In addition to protecting and lubricating the organs, the secretory trichomes may act on the attraction of pollinators and dispersers (Fahn 2000; 2002), depending on their location and on the nature of the content produced. Secretory trichomes present in floral organs can produce nectar, volatile and non-volatile oil or sticky substances (Vogel & Machado 1991; Lopes et al. 2002; Moyano et al. 2003; Marinho et al. 2014), contributing to the pollination of the species and its reproductive success. This does not seem to be the case for the floral trichomes of S. bonplandii since their morphology and secretory content are similar to those of the secretory trichomes of leaves. On the other hand, the exclusive presence of polysaccharides in the subcuticular space of the trichomes of D. cayapia pistillate inflorescences indicates that these structures may exert different functions in its reproductive organs, such as in the adhesion of pollen grains. Moreover, it is important to consider that only more specific chemical tests of these trichomes would permit us to state whether their exudate is the same for all organs or differs between them, thus permitting a more objective inference about their functions (see Marinho et al. 2016).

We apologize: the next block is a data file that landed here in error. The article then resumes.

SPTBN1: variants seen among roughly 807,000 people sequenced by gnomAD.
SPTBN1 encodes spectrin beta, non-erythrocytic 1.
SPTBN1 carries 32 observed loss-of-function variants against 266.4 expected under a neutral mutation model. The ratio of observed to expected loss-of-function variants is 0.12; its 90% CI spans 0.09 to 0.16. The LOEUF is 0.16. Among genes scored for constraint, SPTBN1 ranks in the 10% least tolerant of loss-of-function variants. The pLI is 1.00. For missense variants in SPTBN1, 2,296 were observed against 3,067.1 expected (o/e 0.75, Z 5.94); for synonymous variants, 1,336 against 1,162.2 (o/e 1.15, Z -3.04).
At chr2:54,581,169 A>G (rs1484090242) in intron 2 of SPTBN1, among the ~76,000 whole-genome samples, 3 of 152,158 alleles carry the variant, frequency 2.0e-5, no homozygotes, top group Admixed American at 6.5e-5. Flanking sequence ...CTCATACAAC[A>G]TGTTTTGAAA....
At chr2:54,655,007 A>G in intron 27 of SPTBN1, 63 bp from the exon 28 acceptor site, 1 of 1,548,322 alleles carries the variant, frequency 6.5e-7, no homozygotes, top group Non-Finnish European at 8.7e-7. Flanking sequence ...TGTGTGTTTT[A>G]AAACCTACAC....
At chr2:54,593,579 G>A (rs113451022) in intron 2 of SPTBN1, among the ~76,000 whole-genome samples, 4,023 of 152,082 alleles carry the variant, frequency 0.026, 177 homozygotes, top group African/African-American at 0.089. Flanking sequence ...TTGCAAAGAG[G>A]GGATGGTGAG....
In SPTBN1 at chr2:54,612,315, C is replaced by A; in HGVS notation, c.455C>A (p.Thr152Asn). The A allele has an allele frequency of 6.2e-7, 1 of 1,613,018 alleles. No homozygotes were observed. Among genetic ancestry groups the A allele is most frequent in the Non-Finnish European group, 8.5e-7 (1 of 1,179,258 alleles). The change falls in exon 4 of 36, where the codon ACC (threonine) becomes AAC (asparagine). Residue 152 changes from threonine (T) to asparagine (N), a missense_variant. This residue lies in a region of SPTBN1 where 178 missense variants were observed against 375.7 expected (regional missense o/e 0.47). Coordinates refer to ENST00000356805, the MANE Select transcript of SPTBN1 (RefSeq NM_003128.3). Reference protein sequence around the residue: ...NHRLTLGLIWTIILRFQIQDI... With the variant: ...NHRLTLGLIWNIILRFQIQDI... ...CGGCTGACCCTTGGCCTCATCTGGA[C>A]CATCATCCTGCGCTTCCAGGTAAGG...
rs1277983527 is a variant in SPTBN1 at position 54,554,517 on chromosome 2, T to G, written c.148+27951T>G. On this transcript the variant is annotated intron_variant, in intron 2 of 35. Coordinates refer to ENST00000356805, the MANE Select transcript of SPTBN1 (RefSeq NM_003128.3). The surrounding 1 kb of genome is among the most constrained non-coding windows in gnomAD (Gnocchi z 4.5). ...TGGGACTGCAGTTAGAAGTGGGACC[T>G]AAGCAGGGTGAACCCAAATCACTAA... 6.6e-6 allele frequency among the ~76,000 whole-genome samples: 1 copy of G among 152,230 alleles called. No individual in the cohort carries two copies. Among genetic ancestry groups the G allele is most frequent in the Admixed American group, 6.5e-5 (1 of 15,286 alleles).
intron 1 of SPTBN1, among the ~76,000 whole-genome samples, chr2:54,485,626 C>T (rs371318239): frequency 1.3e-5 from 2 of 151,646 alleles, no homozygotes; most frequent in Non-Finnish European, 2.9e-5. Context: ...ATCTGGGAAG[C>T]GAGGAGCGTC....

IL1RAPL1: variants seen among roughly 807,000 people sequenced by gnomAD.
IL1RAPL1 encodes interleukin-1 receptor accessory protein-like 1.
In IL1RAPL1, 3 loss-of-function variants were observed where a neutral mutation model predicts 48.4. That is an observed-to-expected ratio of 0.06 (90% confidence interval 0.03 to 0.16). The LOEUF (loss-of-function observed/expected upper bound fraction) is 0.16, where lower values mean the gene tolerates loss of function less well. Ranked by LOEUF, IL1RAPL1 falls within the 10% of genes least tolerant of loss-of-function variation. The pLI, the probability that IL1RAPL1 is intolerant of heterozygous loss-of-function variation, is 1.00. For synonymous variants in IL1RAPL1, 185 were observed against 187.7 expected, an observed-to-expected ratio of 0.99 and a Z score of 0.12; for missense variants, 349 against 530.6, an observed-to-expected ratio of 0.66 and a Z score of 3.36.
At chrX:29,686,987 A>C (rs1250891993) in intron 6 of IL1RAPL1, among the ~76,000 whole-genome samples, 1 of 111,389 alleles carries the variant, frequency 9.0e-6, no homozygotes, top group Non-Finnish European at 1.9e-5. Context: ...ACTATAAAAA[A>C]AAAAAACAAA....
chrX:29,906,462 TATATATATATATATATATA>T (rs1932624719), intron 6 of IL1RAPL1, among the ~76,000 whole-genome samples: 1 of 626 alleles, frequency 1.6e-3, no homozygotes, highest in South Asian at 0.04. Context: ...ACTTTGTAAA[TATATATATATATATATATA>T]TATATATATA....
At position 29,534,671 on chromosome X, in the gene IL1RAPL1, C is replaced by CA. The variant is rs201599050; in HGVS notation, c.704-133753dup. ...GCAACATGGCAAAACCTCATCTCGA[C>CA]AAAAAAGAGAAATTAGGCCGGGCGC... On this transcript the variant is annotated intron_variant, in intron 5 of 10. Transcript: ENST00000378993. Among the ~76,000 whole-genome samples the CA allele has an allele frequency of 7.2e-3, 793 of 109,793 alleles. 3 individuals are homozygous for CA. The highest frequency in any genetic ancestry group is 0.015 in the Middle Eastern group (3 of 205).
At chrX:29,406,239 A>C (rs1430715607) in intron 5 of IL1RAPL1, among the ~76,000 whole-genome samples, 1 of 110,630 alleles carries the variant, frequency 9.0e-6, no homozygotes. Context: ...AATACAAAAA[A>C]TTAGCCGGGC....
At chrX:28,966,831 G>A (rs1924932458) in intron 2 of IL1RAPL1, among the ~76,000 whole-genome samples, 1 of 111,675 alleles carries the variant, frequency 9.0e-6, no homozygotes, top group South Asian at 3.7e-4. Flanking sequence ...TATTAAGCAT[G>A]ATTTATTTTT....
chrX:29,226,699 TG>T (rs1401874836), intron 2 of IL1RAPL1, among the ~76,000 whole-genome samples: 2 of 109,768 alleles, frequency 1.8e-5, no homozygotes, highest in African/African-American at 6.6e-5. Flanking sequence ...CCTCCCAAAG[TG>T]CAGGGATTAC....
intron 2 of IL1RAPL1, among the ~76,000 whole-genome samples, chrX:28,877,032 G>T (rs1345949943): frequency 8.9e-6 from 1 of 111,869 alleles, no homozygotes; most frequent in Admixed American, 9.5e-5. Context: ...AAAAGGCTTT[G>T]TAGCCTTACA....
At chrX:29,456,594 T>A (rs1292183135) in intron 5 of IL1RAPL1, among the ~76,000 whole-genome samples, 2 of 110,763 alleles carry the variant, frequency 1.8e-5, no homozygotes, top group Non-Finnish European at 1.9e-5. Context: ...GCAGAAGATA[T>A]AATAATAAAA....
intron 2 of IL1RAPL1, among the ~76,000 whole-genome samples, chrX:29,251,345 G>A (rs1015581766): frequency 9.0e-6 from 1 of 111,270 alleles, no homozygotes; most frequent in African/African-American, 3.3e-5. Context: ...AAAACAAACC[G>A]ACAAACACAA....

The lipid compounds observed on the anticlinal walls of the trichome peduncles have been previously reported for secretory trichomes and seem to act on the directing of symplastic transport among the basal cells, the peduncle cells and the head, preventing the reflux of toxic substances from the cells of the head to other plant tissues (Fahn 1979; Castro & Machado 2012).
Although various reports of secretory trichomes are available for Moraceae (Shah & Kachroo 1975; Gangadhara & Inamdar 1977; Wu & Kuo-Huang 1997; Jacomassi & Machado 2003; Jacomassi et al. 2007; Munir et al. 2011; Duarte et al. 2012), these studies were limited to leaf trichomes and dealt only with morphological aspects, with rare reports about the nature of the content of these trichomes in their representative species. Thus, the present study contributes to the knowledge of the distribution, morphology and chemical nature of the exudate of secretory trichomes of Moraceae, especially the floral ones. The study of the exudate of these trichomes permitted us to infer their probable ecological functions for the group. Such a wealth of different metabolite classes in the trichome exudate must be highlighted and provokes us to conduct ultrastructural studies of the dynamics of secretion, relating the organelles to the various compounds produced.